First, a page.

BBC National Short Story Award Shortlist - Jeremy Page

Posted on 5th October 2015 by Jeremy Page
Read an extract from Jeremy Page's shortlisted short story, Do It Now, Jump the Table

Standing on a petrol station forecourt in a pitch black valley in Wales, Thom remembered his girlfriend’s parents liked to walk around their house naked.  Well, not exactly true.  Sometimes they wore clothes.  Susan had given him all the necessary details, such as how her mother, Lindy, would probably be wearing an elasticated tent dress with a floral print on it, that she kept hanging on a peg in the hall, in case someone she didn’t know knocked on the door.  Likewise her father, Alistair, had his own peg next to hers where he hung an old pair of tennis shorts.

‘Modesty clothes,’ Susan had called them.  ‘Anyway, most likely – they’ll be dressed when you turn up.  So nothing to worry about.’

For Thom, most likely was plenty to worry about.

He pushed the nozzle of the pump into the tank and listened to the soothing gush of petrol.  The car made ticking appreciative noises as the engine cooled.  He smelt the cool night air, full of the scent of rock and fir trees and peaty soil, mingling with the smell of petrol, softly rising from the nozzle.  He let his finger off the pump’s trigger, and stared beyond the acidic light of the forecourt into the velvet darkness of the Welsh night.  He saw a bank of trees, dimly illuminated, and the beginning of a hillside, rising steeply.   

The nudity wasn’t the problem, he thought.  It was the other thing that Susan had gone on to mention:

‘What touching?’ he’d asked.

‘They might touch each other in a way that’s – inappropriate.’


‘I don’t know.  A pat on the bum maybe.’  Susan had been hesitant.  ‘You know – like when they’re passing each other on the stairs.’

‘Well – what can I say –  it sounds sweet.  Suse – I’m sure I’ll cope.’

‘Dad likes to cup her breast at the kitchen sink.’

‘Right.’  Thom had looked at Susan, wanting to laugh, wondering how serious he should be taking this and whether (a slight possibility) she was teasing.  It was going to be the first time he met the parents.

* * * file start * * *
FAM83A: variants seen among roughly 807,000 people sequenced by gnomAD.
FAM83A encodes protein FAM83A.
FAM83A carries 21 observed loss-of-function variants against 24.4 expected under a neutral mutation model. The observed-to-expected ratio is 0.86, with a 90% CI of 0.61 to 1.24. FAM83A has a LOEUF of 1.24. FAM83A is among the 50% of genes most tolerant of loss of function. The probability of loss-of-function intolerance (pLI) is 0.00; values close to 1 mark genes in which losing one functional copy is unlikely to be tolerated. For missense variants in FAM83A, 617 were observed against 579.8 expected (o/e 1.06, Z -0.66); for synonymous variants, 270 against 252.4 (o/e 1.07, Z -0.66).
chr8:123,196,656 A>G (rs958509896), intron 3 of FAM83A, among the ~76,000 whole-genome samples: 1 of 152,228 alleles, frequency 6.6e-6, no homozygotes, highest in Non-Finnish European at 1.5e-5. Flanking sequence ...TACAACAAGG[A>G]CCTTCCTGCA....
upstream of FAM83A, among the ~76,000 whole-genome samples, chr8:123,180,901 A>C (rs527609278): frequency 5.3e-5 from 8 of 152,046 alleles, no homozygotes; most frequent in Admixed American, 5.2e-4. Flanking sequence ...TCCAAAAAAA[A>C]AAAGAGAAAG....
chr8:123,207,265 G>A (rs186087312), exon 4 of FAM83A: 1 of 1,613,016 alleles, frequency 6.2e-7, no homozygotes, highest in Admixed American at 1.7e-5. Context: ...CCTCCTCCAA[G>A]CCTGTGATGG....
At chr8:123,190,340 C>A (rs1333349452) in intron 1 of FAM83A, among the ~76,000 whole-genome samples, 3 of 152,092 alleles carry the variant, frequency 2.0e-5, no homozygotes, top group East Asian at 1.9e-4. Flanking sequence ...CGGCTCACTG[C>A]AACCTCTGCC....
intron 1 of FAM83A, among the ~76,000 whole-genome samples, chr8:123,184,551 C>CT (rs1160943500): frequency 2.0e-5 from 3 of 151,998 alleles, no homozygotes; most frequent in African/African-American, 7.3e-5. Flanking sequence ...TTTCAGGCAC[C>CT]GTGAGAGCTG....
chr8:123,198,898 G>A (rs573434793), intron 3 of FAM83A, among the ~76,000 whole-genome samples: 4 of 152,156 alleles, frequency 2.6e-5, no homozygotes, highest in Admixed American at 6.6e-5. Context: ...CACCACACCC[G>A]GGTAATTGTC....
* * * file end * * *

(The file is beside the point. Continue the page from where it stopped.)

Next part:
‘Just – don’t make anything of it.  Don’t react,’ she’d said.

‘Keep calm and don’t stare!’ he’d joked.  She hadn’t replied.  ‘We don’t choose our parents, do we?,’ he’d added, expecting her to agree.  But instead she frowned, and he wondered whether she’d taken offence from an insult he hadn’t meant to give.    


The farmhouse was old and large and not very well lit, as if this far up the valley electricity had dwindled to a trickle.  He parked the car and knocked on the door, his bags in his hands, listening to a steady string of drips falling from a downpipe.  Through a panel of pebbled glass he saw Susan approaching.  She opened the door and threw her arms round him.  ‘You got here,’ she whispered.  ‘I can’t believe you got here.’

Behind her, he saw Susan’s mother take a step towards him from a back room, before she halted to let her daughter complete the hug.  It was a gloomy corridor, lit by a single low energy bulb, and he couldn’t see her properly. 

‘What have you eaten?’ Susan asked.

‘Crisps and chocolate.  Then more crisps.’

‘Right – so we need to sort you out.’

Susan brought him into the hall and called out to her mother.  When Lindy came forward, he saw she was wearing the thing that must be the elasticated tent dress.  It did have a floral print on it.  Her shoulders were bare and freckled and her knees and legs looked dirty.  She gave him a welcoming kiss on his cheek, holding him tight with large fleshy arms, and as she let him go, gave him a slyly appraising wink.

‘Yep – he’ll do, Suse,’ she said.

‘Mum!’ Susan replied, giving an exaggerated roll of her eyes.  ‘Just ignore my mother, will you?  She turned to Lindy.  ‘And you, behave.’  They had terrible fallouts, Susan had told him, but it seemed his arrival was a good time to show their love.  Susan gave her mother a hug and, during an embrace that seemed to have several ritual stages of rubbing each other’s backs and stroking each other’s hair – Thom noticed the couple of pegs behind the door, where Lindy and Alistair’s modesty covers could be hung.  Both pegs were empty.


Jeremy Page's story Do It Now, Jump the Table has been shortlisted for the BBC National Short Story Award with Book Trust. The winner and runner-up announcement will be broadcast live from the Award ceremony on BBC Radio 4’s Front Row from 7.15pm on Tuesday 6 October 2015.

Read the entire shortlist in the BBC National Short Story Award 2015 Collection.


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